Budget cuts lead to more aggression against Centrelink and Medicare staff
8 April 2012, 3:18pm
Centrelink and Medicare staff are being exposed to increasing levels of aggression and abuse as Federal Government budget cuts lead to longer wait times for millions of Australian pensioners, families, new parents, and others who rely on government payments.
In a recent CPSU survey of frontline service delivery staff in Centrelink and Medicare, 71 per cent say customer hostility has increased in the last six months, while 55 per cent say aggression has increased.
Another CPSU survey of women in customer service positions across the public service revealed 62 per cent have experienced customer aggression, including serious verbal threats.
CPSU National Secretary Nadine Flood said the increase in abuse towards staff was a major concern.
“These conditions pose a risk to clients and the community. Anyone should be able to walk into a Centrelink office without the risk of being caught up in this kind of conflict.”
“We’re getting regular reports about verbal death threats, spitting, punching, head-butting and worse.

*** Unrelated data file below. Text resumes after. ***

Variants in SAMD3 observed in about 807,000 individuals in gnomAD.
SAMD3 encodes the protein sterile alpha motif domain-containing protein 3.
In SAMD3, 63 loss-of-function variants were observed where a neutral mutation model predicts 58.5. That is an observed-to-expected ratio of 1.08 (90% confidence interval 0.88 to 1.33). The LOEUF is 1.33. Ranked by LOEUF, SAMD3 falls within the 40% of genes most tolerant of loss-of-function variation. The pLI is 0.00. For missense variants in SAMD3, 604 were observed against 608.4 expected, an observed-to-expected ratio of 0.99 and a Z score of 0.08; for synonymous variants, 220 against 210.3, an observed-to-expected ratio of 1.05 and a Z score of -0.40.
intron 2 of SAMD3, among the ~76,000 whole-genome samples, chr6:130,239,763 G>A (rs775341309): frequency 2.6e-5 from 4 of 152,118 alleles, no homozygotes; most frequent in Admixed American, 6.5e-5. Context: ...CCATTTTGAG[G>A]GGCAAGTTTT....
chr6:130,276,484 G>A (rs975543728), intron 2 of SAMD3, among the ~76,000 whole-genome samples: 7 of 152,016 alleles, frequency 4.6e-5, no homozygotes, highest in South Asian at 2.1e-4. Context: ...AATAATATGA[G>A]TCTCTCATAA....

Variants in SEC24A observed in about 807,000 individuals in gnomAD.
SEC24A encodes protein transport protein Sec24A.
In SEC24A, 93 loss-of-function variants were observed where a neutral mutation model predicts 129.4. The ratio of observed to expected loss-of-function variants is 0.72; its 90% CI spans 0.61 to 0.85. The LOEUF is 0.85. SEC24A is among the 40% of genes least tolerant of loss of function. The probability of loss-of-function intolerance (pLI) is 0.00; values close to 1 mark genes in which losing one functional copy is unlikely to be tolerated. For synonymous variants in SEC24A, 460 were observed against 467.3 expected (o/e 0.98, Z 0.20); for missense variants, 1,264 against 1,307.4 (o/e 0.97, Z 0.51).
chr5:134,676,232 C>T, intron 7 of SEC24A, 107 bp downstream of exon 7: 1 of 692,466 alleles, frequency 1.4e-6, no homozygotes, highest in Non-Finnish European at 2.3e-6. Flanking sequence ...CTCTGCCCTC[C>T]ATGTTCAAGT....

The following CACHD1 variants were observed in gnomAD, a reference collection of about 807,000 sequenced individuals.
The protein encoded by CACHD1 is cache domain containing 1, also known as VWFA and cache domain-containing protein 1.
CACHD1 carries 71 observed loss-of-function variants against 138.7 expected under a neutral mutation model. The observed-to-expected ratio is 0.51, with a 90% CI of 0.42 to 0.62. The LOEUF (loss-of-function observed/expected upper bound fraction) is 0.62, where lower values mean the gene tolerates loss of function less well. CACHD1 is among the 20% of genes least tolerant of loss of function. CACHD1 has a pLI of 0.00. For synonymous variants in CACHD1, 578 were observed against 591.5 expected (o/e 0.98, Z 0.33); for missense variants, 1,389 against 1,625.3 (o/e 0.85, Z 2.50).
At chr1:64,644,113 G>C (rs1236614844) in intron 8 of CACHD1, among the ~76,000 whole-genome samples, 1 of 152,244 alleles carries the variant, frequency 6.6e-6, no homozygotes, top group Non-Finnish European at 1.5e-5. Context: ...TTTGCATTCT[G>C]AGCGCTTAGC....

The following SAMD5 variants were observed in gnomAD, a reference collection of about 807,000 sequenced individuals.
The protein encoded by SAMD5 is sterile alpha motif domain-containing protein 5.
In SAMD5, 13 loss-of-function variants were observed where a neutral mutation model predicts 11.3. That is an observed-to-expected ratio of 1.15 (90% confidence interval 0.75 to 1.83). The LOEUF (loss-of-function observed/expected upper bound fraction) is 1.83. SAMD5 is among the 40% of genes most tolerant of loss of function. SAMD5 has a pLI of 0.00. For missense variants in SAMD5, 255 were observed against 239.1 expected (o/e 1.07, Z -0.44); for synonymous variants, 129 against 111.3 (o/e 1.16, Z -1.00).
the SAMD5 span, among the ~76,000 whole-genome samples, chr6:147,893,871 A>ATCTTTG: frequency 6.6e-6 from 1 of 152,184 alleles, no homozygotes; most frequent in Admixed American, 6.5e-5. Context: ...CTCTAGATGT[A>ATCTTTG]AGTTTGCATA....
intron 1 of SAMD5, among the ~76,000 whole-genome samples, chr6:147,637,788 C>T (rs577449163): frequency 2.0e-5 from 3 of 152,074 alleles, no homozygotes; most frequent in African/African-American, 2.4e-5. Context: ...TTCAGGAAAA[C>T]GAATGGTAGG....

“Centrelink and Medicare workers are under increasing pressure to look after more clients with fewer resources as a result of budget cuts. Staff morale has hit the floor, with staff worried conditions are going to get worse,” Ms Flood said.
“It’s shocking to se that abuse and threats are now so common they appear to have become just part of the job.”
The CPSU survey also found a worrying drop in Centrelink work standards, with 82 per cent saying wait times had increased, and 69 per cent saying that more mistakes were being made as a result of budget cuts and staffing problems.
Department of Human Services staff numbers have dropped from 42,000 in 2010–11, to 38,000 this year and are predicted to drop even further as a result of a range of Federal Government budget cuts, including an increase to the “efficiency dividend”.
“You can’t cut $2.2 billion from public services without reducing the quality of service delivered to the public,” Ms Flood said.
“We’re deeply concerned that Government may cut Centrelink and Medicare even further in the upcoming Budget. I’m certain most Australians do not want a Budget surplus at the expense of essential frontline services.”